Asperger’s Syndrome. Or, more technically, Autism Spectrum Disorder, because the DSM-V has moved Asperger’s into the ASD group now. Mild. But still.
Not because my kid has been diagnosed with mild autism. Not really. I cried because of my fear of how he will be treated. Viewed. Discussed when he or his parents are not present.
I’ve worked in schools for over twenty years. I know thousands of teachers. I spend almost all my waking hours interacting with, training, supporting, and listening to teachers. And I have also taught students who had diagnoses of autism or Asperger’s. I’m not proud of the fact that I have also thought things. Wondered what’s up. Not really understood.
More than twenty years surrounded by education professionals is what gave me my initial intense gut-wrenching reaction. People will hear that my son has Asperger’s or Autism Spectrum Disorder, and they will think or even say out loud, “Oh…..” The knowing “Oh.” The “Oh . . . well . . . yes . . . . . . “
The unspoken “I always thought so” and the slightly arrogant “so that explains it.”
I hear almost daily how educators talk about kids who learn differently. If I am really friendly with them, I will sometimes point out, “That’s my kid you’re talking about too, you know.”
I should be grateful that we have a name to put to it. I should be relieved that he will be eligible for services and accommodations he may not have been before. I should be enlightened and brave and self-assured. Because I’ve been in education for all these years, and I’ve read and learned so much.
But I cried. Because I am his mother. And I know how people talk and think and look at people who have autism or Asperger’s.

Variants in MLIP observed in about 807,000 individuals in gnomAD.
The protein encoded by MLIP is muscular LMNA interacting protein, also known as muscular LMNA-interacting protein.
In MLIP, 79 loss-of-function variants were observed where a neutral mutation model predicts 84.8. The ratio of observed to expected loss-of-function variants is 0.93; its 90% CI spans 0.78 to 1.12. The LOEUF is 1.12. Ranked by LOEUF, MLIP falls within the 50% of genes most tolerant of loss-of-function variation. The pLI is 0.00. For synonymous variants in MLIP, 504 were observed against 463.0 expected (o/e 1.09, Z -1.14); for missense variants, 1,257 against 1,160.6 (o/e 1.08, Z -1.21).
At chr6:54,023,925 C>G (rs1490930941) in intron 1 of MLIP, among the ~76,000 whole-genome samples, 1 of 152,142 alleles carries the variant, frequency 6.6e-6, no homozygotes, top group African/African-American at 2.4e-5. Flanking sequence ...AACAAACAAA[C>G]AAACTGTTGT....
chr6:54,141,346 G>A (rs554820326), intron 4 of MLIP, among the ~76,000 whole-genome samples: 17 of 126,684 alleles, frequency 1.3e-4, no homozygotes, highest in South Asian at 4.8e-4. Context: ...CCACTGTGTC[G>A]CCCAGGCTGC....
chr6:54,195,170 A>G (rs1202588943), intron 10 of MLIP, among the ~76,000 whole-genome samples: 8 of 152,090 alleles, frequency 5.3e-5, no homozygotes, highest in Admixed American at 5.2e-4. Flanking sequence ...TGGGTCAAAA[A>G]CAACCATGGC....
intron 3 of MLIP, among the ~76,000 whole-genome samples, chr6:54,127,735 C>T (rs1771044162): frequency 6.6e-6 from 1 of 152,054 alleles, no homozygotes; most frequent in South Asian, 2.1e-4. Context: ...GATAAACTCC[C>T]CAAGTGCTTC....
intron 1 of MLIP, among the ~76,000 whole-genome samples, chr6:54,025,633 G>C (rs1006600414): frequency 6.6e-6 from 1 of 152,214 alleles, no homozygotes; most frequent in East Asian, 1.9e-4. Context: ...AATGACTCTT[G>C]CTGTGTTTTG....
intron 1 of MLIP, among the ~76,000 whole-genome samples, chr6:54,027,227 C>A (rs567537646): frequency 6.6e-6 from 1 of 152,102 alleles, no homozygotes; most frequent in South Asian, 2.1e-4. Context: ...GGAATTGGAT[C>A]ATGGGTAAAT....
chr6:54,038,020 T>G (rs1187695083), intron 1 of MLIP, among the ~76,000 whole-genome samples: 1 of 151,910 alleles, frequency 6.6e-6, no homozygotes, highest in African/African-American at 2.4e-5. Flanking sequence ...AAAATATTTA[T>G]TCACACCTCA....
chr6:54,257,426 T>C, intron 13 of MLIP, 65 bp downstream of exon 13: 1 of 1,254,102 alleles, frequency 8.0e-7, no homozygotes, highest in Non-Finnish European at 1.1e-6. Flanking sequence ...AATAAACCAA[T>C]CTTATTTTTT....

Some people don’t even believe it’s a thing. Some people think it’s an excuse. Some people think it’s weak.
The good news, I guess, is that for people who knew my son before, and see that he’s still the same great, funny, wonderful, amazing, charming kid, maybe they will have their eyes opened. See, even a kid like him can have autism spectrum disorder.
It’s not a death sentence. It’s not a bad thing. And I am not upset that my kid has a diagnosis. The more I reflect and read, the more I see it more clearly than I’ve ever allowed myself to before.
But I cried. And I couldn’t speak. And even later today, driving around alone, running errands, I nearly cried a bunch more times.
Because, in some ways, it feels like we just found out that we may be poised to wage a war here on any given day. We may have to fight and struggle and defend his right and ability to have the same opportunities as everyone else. Opportunities that aren’t just being allowed to do something or go somewhere. Opportunities can also be the mere act of being seen to be just fine the way you are. Or believed to be capable, despite a label of something that says you’re different in some way. Or treated as equally valuable and valid.
I’m not proud of the fact that I cried. I should be better than that, no?
But when every day you have to have at least one conversation about what your kid can’t do, or what he does differently, or what takes him too long (everything) compared to his peers . . . with his school, with his teachers, with your spouse, with the child himself, with family and friends, with strangers sometimes . . . you get tired, and then when someone says, “your kid has mild Asperger’s,” you cry.
I have more to say. There’s another blog post in me. But it’s about ALL the things we learned today. First, though, I had to talk about how I reacted to what I was told.
And now I’ve done that.